Wednesday, May 08, 2013

Silent Voices by Ann Cleeves

If you've been catching Ann Cleeves' police procedural series "Vera" on Netflix, you're in for a treat. Readers in the U.S. finally have access to the series, although Silent Voices, the first to be released here, is actually the fourth in the series. For those of you determined to read a series in order, you can start with Silent Voices and quickly learn to recognize Inspector Vera Stanhope as the true character she is. And, if you're lucky enough to have seen the TV episodes, it's even easier to pick up the voice of Vera as you read.

Inspector Vera Stanhope of the Northumbria Police  is not the type to work out, but following doctor's orders, she slipped away from work and went to the Willows to swim. After she found a woman's body in the steam room, though, it was easy for her team to guess what she did there. It wasn't as easy to guess what Vera was going to say to people as she plowed ahead in a murder investigation. And, she could work a case at all hours because, unlike her sergeant, Joe Ashworth, she doesn't have a personal life.

As Vera and Joe investigate, it appears that Jenny Lister, the victim, was perfect, a social worker, a woman with a loving daughter, and a woman so principled that she testified against one of her co-workers in a case when a child was killed by his mother. That co-worker, Connie Masters, was the center of a media campaign during the course of the mother's trial. Connie just happened to be living in the same town as Jenny when Lister was killed. Coincidence or more? It's just one track Vera Stanhope takes as she investigates. However, Vera knew that "principles don't always make you popular".

As in the award-winning Shetland Island series, Cleeves does a superb job entangling readers in a complex mystery dependent on characters. As Vera probes the characters of her suspects, she uncovers secrets that lead to the solution. However Vera Stanhope herself is the richest character in the book. She's revealed through her own thoughts, her actions, and Joe Ashworth's observations of his boss. She's a homely woman and lonely, but she enjoys being the center of attention. She has a chip on her shoulder, and never felt comfortable with the intellectual classes. And she pokes fun at Joe for his attention to family and appearances. At the same time, she has a hard time reading the texts on her phone because she's too vain and too disorganized to go for an eye exam. She knows her own weaknesses, and sometimes thinks Joe represents her feminine side because he's much more empathetic than she is. She's brusque and pushy at times. And, with her own troubled childhood, she recognizes that this case is "All about families, the weird ties between kids and their parents."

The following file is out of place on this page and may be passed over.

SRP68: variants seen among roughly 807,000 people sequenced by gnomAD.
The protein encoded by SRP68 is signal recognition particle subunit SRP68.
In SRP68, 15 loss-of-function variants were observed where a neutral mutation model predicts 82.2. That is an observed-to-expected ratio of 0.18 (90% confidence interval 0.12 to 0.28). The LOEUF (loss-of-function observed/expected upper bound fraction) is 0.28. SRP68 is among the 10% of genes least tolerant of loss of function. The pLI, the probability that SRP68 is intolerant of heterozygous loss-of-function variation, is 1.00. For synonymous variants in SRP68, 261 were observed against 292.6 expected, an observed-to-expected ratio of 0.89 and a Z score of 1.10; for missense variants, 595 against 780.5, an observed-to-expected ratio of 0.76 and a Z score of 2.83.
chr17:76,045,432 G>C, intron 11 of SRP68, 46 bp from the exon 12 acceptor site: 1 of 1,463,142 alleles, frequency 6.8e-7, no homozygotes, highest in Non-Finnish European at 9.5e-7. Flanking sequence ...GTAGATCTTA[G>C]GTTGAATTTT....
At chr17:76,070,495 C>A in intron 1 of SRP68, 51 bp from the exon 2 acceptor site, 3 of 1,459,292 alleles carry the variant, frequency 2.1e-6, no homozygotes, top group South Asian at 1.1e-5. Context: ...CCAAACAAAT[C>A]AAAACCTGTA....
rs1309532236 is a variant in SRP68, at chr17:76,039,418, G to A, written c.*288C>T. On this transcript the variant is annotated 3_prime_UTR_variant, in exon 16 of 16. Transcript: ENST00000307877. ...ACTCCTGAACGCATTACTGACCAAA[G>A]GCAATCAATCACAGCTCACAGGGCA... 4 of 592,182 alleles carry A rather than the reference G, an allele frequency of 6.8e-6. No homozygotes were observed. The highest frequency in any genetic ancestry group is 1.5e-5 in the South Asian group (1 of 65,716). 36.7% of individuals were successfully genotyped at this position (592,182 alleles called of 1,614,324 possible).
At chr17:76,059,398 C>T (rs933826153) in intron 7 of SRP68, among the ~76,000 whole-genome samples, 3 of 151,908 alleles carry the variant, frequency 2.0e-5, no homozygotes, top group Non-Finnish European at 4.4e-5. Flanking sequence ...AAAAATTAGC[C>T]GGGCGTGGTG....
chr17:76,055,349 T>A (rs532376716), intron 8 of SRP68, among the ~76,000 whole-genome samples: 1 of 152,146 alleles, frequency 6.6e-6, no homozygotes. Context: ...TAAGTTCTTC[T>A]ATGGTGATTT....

Vera Stanhope sums herself up when she questions why two people died. "But I want to know why, Vera thought....I do care about motive. I'm a nosy bitch and it's what I'm in the job for."

Fans of British police procedurals, and readers who miss Reginald Hill's Superintendent Andy Dalziel, will welcome Ann Cleeves' Vera Stanhope. She's a welcome addition to the world of British crime fiction with her pushiness, her attitude, and her determination to find answers. It's all in character studies, for a talented author, and a talented police investigator. It's time Vera Stanhope and Silent Voices made their appearances in the U.S.

Ann Cleeves' website is www.anncleeves.com

Silent Voices by Ann Cleeves. Minotaur. 2013. ISBN 9781250033581 (hardcover), 320p.

*****
FTC Full Disclosure - The publisher sent me a copy of the book, hoping I would review it.


7 comments:

Beth Hoffman said...

Excellent review, Lesa. You've hooked me!

caite said...

I loved the Shetland series...going to have to check this out. Just what I need..another series..lol

Jane R said...

I've had the British TV series on my radar for a few weeks and didn't realize it is based on a book series (I should have known better!). After reading your review, I plan to check out both the books and the films. Thanks!

Lesa said...

And, the TV series is terrific, too, Beth.

Lesa said...

Caite,

I totally agree with you. As if I need another series. But, I really liked this book.

Lesa said...

You're right, Jane. The British do an excellent job adapting mysteries.

Reine said...

So glad you reviewed this, Lesa. Embarrassed to say that I hadn't heard of the series or the author. Off to find Silent Voices, now.